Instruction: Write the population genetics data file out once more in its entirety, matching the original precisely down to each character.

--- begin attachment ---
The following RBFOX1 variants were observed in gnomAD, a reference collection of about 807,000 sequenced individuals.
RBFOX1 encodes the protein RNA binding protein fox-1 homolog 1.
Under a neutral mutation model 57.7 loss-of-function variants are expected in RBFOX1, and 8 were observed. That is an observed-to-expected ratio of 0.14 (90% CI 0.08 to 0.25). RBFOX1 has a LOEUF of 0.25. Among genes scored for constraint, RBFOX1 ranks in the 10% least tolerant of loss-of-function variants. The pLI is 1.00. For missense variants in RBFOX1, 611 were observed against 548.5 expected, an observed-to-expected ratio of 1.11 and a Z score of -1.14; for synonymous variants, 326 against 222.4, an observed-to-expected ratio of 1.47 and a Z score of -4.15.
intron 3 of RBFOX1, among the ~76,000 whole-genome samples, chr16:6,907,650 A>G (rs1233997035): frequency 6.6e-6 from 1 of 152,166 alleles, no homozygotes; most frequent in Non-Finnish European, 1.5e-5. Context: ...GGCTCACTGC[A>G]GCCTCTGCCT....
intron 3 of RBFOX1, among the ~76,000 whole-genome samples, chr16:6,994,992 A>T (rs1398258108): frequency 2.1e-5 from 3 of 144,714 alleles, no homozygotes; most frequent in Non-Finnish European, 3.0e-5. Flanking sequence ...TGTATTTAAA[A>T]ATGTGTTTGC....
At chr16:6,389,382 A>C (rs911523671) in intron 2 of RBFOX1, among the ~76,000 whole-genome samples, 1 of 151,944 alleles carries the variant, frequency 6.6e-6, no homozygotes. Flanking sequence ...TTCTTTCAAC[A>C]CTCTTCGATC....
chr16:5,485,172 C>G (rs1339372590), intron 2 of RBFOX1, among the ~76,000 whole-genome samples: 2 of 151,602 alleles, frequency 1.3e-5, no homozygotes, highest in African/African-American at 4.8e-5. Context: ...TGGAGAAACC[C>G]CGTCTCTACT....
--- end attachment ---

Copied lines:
The following RBFOX1 variants were observed in gnomAD, a reference collection of about 807,000 sequenced individuals.
RBFOX1 encodes the protein RNA binding protein fox-1 homolog 1.
Under a neutral mutation model 57.7 loss-of-function variants are expected in RBFOX1, and 8 were observed. That is an observed-to-expected ratio of 0.14 (90% CI 0.08 to 0.25). RBFOX1 has a LOEUF of 0.25. Among genes scored for constraint, RBFOX1 ranks in the 10% least tolerant of loss-of-function variants. The pLI is 1.00. For missense variants in RBFOX1, 611 were observed against 548.5 expected, an observed-to-expected ratio of 1.11 and a Z score of -1.14; for synonymous variants, 326 against 222.4, an observed-to-expected ratio of 1.47 and a Z score of -4.15.
intron 3 of RBFOX1, among the ~76,000 whole-genome samples, chr16:6,907,650 A>G (rs1233997035): frequency 6.6e-6 from 1 of 152,166 alleles, no homozygotes; most frequent in Non-Finnish European, 1.5e-5. Context: ...GGCTCACTGC[A>G]GCCTCTGCCT....
intron 3 of RBFOX1, among the ~76,000 whole-genome samples, chr16:6,994,992 A>T (rs1398258108): frequency 2.1e-5 from 3 of 144,714 alleles, no homozygotes; most frequent in Non-Finnish European, 3.0e-5. Flanking sequence ...TGTATTTAAA[A>T]ATGTGTTTGC....
At chr16:6,389,382 A>C (rs911523671) in intron 2 of RBFOX1, among the ~76,000 whole-genome samples, 1 of 151,944 alleles carries the variant, frequency 6.6e-6, no homozygotes. Flanking sequence ...TTCTTTCAAC[A>C]CTCTTCGATC....
chr16:5,485,172 C>G (rs1339372590), intron 2 of RBFOX1, among the ~76,000 whole-genome samples: 2 of 151,602 alleles, frequency 1.3e-5, no homozygotes, highest in African/African-American at 4.8e-5. Context: ...TGGAGAAACC[C>G]CGTCTCTACT....